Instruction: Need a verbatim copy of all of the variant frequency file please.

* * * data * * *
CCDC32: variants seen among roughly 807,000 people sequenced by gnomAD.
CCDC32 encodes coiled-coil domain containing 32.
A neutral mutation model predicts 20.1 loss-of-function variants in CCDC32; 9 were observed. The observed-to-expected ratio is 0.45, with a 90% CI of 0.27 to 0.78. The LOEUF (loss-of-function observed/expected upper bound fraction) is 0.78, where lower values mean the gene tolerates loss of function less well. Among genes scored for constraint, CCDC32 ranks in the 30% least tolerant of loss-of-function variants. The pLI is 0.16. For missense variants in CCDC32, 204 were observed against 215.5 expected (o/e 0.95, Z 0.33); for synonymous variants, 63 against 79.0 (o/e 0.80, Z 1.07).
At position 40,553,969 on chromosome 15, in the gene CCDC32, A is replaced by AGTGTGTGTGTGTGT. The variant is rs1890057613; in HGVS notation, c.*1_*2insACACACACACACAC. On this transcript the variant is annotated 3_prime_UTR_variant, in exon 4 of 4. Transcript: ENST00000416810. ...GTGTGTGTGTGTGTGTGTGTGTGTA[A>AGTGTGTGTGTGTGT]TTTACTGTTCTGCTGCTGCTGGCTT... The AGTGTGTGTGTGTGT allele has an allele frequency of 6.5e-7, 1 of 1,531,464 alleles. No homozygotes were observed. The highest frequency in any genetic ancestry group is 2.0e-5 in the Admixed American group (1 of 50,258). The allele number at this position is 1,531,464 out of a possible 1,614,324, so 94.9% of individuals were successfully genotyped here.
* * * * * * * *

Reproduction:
CCDC32: variants seen among roughly 807,000 people sequenced by gnomAD.
CCDC32 encodes coiled-coil domain containing 32.
A neutral mutation model predicts 20.1 loss-of-function variants in CCDC32; 9 were observed. The observed-to-expected ratio is 0.45, with a 90% CI of 0.27 to 0.78. The LOEUF (loss-of-function observed/expected upper bound fraction) is 0.78, where lower values mean the gene tolerates loss of function less well. Among genes scored for constraint, CCDC32 ranks in the 30% least tolerant of loss-of-function variants. The pLI is 0.16. For missense variants in CCDC32, 204 were observed against 215.5 expected (o/e 0.95, Z 0.33); for synonymous variants, 63 against 79.0 (o/e 0.80, Z 1.07).
At position 40,553,969 on chromosome 15, in the gene CCDC32, A is replaced by AGTGTGTGTGTGTGT. The variant is rs1890057613; in HGVS notation, c.*1_*2insACACACACACACAC. On this transcript the variant is annotated 3_prime_UTR_variant, in exon 4 of 4. Transcript: ENST00000416810. ...GTGTGTGTGTGTGTGTGTGTGTGTA[A>AGTGTGTGTGTGTGT]TTTACTGTTCTGCTGCTGCTGGCTT... The AGTGTGTGTGTGTGT allele has an allele frequency of 6.5e-7, 1 of 1,531,464 alleles. No homozygotes were observed. The highest frequency in any genetic ancestry group is 2.0e-5 in the Admixed American group (1 of 50,258). The allele number at this position is 1,531,464 out of a possible 1,614,324, so 94.9% of individuals were successfully genotyped here.